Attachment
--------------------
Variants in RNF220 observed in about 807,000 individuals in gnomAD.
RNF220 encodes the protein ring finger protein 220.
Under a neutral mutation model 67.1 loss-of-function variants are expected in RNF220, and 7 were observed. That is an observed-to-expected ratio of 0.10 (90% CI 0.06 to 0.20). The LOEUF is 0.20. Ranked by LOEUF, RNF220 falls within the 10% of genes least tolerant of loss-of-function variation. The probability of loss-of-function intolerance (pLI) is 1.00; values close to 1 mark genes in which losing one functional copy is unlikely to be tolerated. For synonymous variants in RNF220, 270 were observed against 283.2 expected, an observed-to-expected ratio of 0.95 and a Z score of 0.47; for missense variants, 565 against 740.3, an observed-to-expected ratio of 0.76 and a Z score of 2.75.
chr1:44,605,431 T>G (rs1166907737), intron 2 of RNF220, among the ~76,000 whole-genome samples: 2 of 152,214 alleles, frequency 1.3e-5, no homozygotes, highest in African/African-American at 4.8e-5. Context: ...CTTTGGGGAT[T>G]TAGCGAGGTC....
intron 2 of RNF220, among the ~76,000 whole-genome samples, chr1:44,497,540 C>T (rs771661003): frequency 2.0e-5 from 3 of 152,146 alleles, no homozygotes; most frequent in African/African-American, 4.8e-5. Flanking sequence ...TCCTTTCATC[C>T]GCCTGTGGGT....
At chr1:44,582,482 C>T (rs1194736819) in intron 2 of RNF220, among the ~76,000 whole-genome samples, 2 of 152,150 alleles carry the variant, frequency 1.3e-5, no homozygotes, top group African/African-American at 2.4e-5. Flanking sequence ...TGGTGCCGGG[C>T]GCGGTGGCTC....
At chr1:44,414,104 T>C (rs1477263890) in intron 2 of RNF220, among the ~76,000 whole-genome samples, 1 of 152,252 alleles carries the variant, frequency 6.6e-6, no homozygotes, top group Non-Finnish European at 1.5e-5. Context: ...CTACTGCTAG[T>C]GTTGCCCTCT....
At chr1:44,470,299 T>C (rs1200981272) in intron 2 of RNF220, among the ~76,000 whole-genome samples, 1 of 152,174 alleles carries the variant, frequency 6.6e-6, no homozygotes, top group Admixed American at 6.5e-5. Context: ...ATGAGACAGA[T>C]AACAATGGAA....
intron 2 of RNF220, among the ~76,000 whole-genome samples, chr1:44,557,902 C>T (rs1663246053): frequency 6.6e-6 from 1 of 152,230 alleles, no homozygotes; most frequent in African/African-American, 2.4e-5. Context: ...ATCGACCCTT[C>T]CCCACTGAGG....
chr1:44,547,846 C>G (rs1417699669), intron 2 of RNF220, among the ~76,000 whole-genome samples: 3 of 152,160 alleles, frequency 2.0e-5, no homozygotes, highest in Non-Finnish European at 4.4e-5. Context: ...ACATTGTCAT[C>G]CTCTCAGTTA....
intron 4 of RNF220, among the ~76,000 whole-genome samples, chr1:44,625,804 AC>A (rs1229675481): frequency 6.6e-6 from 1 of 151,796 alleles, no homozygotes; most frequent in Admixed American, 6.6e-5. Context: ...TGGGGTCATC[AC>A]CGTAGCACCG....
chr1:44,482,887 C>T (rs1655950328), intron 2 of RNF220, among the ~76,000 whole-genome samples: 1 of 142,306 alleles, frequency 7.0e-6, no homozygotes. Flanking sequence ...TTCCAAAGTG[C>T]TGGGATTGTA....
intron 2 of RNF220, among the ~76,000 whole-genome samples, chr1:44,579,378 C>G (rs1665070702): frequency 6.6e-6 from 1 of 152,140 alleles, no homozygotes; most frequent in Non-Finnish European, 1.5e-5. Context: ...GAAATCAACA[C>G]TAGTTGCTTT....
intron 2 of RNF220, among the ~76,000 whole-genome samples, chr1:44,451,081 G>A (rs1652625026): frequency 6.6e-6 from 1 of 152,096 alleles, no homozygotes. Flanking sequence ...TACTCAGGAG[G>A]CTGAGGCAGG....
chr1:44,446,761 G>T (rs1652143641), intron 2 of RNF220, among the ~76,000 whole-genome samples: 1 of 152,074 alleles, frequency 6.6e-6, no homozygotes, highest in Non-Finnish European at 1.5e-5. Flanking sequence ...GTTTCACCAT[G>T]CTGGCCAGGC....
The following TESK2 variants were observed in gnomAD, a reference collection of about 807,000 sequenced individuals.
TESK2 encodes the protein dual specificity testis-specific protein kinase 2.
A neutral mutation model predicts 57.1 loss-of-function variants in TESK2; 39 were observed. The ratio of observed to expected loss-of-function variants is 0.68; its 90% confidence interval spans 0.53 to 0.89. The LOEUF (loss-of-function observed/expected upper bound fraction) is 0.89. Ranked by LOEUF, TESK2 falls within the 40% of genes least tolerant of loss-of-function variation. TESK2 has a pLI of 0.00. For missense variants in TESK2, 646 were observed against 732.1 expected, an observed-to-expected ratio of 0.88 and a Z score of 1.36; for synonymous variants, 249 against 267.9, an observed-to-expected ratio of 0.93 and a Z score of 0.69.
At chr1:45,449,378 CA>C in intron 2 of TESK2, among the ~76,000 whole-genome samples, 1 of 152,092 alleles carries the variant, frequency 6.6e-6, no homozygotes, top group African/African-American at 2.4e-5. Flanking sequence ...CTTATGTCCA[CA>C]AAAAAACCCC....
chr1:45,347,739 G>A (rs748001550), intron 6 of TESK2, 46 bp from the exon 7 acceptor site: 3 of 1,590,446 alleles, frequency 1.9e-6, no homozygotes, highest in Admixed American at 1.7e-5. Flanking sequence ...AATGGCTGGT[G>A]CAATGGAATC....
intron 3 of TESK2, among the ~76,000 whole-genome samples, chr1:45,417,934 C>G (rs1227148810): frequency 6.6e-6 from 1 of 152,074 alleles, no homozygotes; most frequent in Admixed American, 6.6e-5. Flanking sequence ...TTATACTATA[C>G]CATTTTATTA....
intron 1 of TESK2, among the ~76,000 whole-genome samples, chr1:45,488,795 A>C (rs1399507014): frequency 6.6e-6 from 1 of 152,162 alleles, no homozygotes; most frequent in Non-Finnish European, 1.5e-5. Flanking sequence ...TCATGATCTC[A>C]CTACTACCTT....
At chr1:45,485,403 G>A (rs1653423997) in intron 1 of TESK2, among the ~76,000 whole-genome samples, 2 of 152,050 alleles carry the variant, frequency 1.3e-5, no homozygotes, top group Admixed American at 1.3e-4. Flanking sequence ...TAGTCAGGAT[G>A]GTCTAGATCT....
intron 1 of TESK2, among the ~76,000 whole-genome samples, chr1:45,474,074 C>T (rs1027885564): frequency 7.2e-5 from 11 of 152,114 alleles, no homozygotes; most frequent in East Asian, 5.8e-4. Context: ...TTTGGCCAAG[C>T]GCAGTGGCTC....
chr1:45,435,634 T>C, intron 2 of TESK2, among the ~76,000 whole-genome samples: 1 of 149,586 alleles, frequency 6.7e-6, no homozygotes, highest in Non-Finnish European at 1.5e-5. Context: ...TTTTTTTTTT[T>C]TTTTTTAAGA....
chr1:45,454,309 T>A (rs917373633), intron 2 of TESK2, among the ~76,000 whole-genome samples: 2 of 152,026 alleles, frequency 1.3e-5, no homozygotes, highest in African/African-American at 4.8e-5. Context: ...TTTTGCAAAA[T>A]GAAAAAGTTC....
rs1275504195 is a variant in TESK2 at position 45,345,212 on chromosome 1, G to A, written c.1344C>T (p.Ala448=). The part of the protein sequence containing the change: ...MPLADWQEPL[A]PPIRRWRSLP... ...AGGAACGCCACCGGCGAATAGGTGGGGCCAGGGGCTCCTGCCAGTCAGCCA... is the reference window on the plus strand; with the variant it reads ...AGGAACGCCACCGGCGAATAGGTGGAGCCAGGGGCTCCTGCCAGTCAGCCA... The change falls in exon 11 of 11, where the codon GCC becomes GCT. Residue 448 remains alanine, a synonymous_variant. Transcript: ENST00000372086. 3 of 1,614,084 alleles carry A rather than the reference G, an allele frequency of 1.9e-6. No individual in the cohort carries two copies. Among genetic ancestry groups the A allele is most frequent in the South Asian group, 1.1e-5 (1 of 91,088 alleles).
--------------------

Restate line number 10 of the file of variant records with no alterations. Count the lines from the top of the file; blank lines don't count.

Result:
chr1:44,547,846 C>G (rs1417699669), intron 2 of RNF220, among the ~76,000 whole-genome samples: 3 of 152,160 alleles, frequency 2.0e-5, no homozygotes, highest in Non-Finnish European at 4.4e-5. Context: ...ACATTGTCAT[C>G]CTCTCAGTTA....